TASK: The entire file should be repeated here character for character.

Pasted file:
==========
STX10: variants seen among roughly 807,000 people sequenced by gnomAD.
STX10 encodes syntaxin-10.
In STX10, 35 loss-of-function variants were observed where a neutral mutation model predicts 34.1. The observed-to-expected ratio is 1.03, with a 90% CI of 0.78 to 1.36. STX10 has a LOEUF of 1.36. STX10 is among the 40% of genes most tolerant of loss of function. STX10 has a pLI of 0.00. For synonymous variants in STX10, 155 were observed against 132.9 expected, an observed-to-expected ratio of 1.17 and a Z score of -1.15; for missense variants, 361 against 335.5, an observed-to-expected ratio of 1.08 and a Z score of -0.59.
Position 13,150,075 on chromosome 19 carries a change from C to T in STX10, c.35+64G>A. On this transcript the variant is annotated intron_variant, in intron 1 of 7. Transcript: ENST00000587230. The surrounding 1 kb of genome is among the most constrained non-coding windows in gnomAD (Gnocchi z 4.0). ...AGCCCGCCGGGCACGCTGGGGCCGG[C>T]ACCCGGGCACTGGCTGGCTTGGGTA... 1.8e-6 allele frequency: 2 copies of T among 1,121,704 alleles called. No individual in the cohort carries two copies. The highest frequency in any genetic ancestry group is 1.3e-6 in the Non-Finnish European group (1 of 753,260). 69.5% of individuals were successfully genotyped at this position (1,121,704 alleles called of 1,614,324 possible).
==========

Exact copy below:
STX10: variants seen among roughly 807,000 people sequenced by gnomAD.
STX10 encodes syntaxin-10.
In STX10, 35 loss-of-function variants were observed where a neutral mutation model predicts 34.1. The observed-to-expected ratio is 1.03, with a 90% CI of 0.78 to 1.36. STX10 has a LOEUF of 1.36. STX10 is among the 40% of genes most tolerant of loss of function. STX10 has a pLI of 0.00. For synonymous variants in STX10, 155 were observed against 132.9 expected, an observed-to-expected ratio of 1.17 and a Z score of -1.15; for missense variants, 361 against 335.5, an observed-to-expected ratio of 1.08 and a Z score of -0.59.
Position 13,150,075 on chromosome 19 carries a change from C to T in STX10, c.35+64G>A. On this transcript the variant is annotated intron_variant, in intron 1 of 7. Transcript: ENST00000587230. The surrounding 1 kb of genome is among the most constrained non-coding windows in gnomAD (Gnocchi z 4.0). ...AGCCCGCCGGGCACGCTGGGGCCGG[C>T]ACCCGGGCACTGGCTGGCTTGGGTA... 1.8e-6 allele frequency: 2 copies of T among 1,121,704 alleles called. No individual in the cohort carries two copies. The highest frequency in any genetic ancestry group is 1.3e-6 in the Non-Finnish European group (1 of 753,260). 69.5% of individuals were successfully genotyped at this position (1,121,704 alleles called of 1,614,324 possible).